Blawgletter’s old friend from Philadelphia says "ur" when she means "err". Her noun form — "error" — comes out as "urur". We suppose they teach it that way at Bryn Mawr.
Which cast us to wondering about human fallibility — specifically the kind that makes us credulous, trusting, gullible, trickable, defraudable fools. What about our nature requires our susceptibility to deception? Did dupability give our caveman ancestors an advantage over cynics in the battle for survival? Did God design us to believe falsehoods? Has your mind already started to wander?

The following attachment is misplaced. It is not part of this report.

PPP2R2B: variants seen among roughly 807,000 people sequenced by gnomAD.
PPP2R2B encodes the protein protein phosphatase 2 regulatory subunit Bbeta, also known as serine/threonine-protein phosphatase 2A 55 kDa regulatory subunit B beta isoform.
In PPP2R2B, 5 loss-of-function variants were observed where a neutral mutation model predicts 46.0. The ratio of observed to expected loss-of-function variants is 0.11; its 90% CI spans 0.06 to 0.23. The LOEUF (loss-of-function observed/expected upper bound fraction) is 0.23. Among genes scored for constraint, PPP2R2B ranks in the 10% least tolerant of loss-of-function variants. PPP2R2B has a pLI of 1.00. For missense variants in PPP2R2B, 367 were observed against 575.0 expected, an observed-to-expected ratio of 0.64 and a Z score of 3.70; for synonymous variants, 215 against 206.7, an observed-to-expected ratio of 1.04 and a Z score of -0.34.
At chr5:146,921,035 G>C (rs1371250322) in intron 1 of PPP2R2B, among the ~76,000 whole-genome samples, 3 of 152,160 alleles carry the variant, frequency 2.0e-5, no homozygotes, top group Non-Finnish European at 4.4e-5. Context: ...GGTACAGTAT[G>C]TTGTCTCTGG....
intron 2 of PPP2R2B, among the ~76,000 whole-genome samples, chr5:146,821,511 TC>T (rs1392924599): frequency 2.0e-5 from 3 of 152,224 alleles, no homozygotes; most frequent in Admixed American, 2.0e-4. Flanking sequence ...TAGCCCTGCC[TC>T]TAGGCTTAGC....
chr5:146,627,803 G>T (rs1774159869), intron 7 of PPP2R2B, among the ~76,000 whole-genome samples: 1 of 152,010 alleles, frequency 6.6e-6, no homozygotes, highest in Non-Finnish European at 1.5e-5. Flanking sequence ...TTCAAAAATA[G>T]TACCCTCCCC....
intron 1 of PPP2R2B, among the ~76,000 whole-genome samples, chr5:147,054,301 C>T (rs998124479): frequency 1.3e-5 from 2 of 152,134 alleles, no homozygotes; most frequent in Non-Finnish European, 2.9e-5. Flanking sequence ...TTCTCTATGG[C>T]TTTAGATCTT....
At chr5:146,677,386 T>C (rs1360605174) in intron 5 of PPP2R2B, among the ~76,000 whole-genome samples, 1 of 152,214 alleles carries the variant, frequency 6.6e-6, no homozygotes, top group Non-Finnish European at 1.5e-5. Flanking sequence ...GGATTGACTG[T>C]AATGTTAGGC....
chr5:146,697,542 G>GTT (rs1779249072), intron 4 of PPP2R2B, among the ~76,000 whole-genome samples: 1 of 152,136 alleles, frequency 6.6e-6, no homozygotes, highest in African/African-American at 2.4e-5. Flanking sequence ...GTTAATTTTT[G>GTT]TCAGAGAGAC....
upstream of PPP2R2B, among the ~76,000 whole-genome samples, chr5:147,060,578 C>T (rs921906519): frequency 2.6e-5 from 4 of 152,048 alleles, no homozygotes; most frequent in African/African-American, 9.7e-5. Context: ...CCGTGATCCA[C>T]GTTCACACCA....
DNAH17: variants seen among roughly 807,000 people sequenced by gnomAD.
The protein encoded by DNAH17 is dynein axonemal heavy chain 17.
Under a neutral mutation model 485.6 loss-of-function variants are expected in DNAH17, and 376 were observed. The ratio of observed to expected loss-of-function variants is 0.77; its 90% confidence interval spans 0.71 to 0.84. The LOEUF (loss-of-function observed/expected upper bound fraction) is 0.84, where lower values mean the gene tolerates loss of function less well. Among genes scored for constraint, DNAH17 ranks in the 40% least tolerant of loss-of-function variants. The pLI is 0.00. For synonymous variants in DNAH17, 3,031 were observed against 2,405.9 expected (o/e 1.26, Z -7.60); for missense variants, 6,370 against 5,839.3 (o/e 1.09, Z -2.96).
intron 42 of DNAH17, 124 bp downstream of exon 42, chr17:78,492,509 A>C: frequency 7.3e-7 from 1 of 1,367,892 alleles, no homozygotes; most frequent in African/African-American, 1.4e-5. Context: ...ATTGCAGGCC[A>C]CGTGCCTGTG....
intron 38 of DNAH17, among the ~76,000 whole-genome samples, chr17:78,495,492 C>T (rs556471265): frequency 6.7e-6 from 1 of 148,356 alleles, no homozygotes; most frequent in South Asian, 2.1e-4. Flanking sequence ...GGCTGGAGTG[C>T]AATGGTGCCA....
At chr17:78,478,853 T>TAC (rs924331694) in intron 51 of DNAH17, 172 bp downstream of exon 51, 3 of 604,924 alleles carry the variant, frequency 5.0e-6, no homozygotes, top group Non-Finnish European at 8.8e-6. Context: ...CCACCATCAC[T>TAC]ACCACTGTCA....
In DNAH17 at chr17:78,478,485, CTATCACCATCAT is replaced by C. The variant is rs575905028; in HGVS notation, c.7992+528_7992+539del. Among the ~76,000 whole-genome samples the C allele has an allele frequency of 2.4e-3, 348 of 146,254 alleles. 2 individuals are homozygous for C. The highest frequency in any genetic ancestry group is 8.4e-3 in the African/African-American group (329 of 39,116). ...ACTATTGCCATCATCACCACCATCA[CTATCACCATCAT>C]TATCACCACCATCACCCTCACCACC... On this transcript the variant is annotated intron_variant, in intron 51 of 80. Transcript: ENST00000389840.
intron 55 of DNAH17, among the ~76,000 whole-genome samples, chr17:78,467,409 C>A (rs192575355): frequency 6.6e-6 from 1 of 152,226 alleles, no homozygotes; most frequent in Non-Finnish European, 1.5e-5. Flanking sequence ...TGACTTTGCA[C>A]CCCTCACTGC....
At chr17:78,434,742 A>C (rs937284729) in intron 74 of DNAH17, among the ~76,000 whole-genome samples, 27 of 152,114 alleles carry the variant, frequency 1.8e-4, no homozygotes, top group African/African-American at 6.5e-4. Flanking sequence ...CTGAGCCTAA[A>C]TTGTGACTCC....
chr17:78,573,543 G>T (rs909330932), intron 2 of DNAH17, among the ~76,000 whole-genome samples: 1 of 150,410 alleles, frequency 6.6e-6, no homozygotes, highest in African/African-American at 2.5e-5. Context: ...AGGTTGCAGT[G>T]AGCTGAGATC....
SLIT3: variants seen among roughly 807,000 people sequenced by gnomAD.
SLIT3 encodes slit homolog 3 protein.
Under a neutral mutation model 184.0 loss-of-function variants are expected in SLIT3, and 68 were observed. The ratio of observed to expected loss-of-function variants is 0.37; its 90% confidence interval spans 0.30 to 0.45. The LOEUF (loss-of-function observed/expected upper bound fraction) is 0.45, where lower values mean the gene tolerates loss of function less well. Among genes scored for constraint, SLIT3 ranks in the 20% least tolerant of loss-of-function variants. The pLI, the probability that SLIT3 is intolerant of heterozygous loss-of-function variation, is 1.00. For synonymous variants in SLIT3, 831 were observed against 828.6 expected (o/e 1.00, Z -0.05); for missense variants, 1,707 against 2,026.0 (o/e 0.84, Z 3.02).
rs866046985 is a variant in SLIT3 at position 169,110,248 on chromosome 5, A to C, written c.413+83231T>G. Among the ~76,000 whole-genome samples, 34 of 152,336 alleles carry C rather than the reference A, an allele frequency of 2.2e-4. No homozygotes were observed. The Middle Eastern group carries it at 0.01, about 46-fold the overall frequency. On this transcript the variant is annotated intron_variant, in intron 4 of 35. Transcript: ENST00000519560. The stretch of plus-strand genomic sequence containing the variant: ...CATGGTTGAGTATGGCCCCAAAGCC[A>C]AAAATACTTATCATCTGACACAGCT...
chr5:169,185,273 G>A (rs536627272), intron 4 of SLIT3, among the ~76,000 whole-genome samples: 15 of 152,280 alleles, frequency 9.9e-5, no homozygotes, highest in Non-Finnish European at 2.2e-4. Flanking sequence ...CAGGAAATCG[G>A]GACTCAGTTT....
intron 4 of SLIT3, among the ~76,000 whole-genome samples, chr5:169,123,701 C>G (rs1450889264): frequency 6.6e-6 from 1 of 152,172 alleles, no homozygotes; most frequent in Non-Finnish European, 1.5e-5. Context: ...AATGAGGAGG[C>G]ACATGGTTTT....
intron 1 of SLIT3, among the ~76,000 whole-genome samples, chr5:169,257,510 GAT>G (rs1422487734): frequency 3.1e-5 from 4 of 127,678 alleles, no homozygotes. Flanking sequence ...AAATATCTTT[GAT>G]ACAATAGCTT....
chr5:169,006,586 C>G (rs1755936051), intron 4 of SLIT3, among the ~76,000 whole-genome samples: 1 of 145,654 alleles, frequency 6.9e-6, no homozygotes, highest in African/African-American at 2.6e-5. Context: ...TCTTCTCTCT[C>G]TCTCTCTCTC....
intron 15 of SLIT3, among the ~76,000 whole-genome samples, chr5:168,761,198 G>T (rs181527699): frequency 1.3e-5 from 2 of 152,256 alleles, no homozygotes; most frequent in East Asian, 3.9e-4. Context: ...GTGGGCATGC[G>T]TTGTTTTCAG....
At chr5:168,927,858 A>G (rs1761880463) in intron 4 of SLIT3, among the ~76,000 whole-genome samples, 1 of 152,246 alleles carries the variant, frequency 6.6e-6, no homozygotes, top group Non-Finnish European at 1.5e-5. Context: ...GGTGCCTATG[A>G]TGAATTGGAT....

Blawgletter imagines that trusting our fellows pays emotional and other dividends. And some might say that we couldn’t function socially without accepting necessary myths. But the most successful people we know — in the myriad ways we may define success — make the fewest big mistakes, especially ones involving the trustworthiness of other people.
Or so we would have you believe.